5 minute read 25 May 2020
Oil and gas industrial platform walk way

What Q1 2020 earnings calls reveal about the oil and gas demand plunge

By

Andy Brogan

EY Global Oil & Gas Leader

Oil & Gas sector leader, speaker and industry advocate, optimist, music addict and avid traveler.

5 minute read 25 May 2020
Related topics Oil and gas Strategy

In Q1 2020, every segment of the industry was impacted, including the refining sector which gave refuge to oil majors in previous downturns.

This article is a part of the Oil and Gas Quarterly Trends series.

The first quarter of 2020 was one of extraordinary events as the oil and gas industry faced a dramatic downturn in demand from the COVID-19 outbreak, the virtual shutdown in many sectors of the economy, and a collapse in local and global mobility. The average oil price in Q1 2020 was 20% lower than in Q4 2019.

During Q1 2020, oil prices were extremely volatile – the price at the end of the quarter was one-third of the price at the start. On the day before the WTI May futures contract expired, prices went significantly negative as traders realized how difficult it might be to deliver into those contracts with little or no storage capacity available.

Industry-wide impact

Every segment of the industry was impacted, including the refining sector, which provided refuge to oil majors during previous downturns. As refining spreads fell by 27%, refineries were left idle by the operators. LNG prices, which were at unsustainable levels prior to the current crisis, declined further, and the spread between Henry Hub feedstock prices and the landed price of European and Asian LNG narrowed to essentially zero. Furthermore, deep upstream capital spending cuts pose an existential threat to oilfield services players.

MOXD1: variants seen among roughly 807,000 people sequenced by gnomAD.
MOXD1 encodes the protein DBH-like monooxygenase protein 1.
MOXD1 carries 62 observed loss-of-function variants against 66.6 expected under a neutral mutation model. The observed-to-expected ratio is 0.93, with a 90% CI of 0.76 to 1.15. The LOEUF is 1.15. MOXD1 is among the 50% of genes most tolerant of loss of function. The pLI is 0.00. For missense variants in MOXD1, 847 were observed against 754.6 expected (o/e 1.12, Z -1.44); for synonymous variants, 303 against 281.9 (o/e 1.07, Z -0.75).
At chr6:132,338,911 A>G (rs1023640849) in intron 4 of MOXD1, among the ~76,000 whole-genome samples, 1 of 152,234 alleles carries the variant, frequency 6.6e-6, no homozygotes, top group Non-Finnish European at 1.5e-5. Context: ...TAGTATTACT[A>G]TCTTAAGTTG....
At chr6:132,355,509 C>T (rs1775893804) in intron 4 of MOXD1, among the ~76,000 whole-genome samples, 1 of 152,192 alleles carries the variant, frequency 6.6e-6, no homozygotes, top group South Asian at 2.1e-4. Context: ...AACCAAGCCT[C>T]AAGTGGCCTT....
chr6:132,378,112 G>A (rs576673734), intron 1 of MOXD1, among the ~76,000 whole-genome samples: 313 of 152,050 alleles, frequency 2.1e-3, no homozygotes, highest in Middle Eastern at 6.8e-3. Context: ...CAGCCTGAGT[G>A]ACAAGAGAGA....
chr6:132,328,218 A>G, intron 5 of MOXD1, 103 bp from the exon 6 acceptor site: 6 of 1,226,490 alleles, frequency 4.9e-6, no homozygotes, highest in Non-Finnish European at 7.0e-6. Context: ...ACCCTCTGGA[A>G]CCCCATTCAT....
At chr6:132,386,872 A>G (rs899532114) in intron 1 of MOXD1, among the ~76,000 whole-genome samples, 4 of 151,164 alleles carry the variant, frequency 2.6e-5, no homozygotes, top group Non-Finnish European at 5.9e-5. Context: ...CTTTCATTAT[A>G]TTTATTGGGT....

Not surprisingly, company results reflected these unfavorable market dynamics. Combined net income was down 38% from Q4 2019 and down 148% from Q1 2019. Operating cash flows were also weak: 24% below Q4 2019 levels and 13% down from a year ago.

Return on capital or capital spending?

Financial matters took on increased urgency for the analyst community. This quarter, however, the lens moved from the ability of companies to return capital toward their resilience and capacity to survive in market conditions that none had ever contemplated.

Most analyst questions were, of course, tied to the current crisis. With deep spending cuts announced, analysts were concerned about the timing of recovery in capital spending levels to pre-crisis levels. They also wanted to understand if companies foresee a structural shift in long-term oil and gas demand patterns and how that might influence capital allocation.